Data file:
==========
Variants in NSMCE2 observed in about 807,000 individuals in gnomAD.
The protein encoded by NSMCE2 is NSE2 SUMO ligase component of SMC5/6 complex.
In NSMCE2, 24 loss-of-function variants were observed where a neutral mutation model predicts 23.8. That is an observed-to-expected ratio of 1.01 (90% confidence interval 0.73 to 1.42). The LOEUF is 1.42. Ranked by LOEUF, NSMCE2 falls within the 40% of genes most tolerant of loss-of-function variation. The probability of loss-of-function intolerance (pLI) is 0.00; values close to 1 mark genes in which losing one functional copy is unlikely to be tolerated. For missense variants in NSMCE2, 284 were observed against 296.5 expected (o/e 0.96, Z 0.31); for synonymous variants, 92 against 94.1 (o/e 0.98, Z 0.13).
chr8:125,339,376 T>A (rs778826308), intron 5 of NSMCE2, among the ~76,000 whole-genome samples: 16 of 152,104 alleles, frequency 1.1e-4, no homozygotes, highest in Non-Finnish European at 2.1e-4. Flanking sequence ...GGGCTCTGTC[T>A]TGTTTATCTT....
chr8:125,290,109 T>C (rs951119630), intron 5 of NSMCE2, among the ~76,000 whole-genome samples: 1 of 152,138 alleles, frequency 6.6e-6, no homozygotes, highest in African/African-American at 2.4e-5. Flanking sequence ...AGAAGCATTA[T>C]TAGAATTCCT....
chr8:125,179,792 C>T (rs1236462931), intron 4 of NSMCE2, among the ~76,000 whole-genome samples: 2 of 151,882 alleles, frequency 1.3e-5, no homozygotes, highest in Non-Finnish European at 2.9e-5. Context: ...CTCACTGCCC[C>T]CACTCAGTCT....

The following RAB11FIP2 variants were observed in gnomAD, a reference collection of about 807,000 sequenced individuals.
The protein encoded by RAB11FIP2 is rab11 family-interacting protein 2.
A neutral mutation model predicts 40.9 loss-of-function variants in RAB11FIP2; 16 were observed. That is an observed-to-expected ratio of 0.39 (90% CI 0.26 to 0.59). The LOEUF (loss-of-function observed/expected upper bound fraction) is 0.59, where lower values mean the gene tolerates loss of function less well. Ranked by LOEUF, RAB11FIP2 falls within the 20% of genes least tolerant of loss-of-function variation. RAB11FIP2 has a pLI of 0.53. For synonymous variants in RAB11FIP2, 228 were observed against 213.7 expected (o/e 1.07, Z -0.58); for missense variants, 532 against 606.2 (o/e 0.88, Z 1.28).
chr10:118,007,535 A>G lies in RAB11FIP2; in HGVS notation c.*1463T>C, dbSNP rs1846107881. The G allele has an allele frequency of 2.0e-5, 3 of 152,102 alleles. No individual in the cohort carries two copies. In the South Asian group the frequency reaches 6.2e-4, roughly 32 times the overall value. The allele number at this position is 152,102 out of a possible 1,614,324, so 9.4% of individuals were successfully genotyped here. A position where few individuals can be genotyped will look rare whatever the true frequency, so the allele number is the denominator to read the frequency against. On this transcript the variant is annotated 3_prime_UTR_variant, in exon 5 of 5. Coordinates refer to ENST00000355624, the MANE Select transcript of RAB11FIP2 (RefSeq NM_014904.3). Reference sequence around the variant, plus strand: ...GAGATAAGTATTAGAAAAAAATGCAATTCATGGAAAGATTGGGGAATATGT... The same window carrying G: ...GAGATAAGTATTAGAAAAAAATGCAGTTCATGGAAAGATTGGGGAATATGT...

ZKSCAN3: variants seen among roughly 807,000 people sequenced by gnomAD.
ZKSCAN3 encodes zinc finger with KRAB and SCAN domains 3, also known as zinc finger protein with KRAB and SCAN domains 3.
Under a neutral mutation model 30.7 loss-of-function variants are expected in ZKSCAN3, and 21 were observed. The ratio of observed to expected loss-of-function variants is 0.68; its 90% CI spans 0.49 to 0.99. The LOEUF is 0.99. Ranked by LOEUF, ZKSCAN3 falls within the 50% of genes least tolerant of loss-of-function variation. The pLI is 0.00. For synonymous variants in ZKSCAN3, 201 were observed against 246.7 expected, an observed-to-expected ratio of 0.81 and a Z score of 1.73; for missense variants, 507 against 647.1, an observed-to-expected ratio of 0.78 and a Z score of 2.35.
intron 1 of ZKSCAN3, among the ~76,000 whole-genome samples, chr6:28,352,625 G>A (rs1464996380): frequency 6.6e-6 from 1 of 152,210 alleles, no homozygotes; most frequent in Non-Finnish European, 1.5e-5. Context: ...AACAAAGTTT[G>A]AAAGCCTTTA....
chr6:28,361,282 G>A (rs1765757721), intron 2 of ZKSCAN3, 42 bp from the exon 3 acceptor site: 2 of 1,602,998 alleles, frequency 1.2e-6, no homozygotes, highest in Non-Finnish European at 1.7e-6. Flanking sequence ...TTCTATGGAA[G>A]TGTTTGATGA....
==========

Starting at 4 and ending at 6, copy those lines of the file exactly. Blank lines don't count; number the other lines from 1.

chr8:125,339,376 T>A (rs778826308), intron 5 of NSMCE2, among the ~76,000 whole-genome samples: 16 of 152,104 alleles, frequency 1.1e-4, no homozygotes, highest in Non-Finnish European at 2.1e-4. Flanking sequence ...GGGCTCTGTC[T>A]TGTTTATCTT....
chr8:125,290,109 T>C (rs951119630), intron 5 of NSMCE2, among the ~76,000 whole-genome samples: 1 of 152,138 alleles, frequency 6.6e-6, no homozygotes, highest in African/African-American at 2.4e-5. Flanking sequence ...AGAAGCATTA[T>C]TAGAATTCCT....
chr8:125,179,792 C>T (rs1236462931), intron 4 of NSMCE2, among the ~76,000 whole-genome samples: 2 of 151,882 alleles, frequency 1.3e-5, no homozygotes, highest in Non-Finnish European at 2.9e-5. Context: ...CTCACTGCCC[C>T]CACTCAGTCT....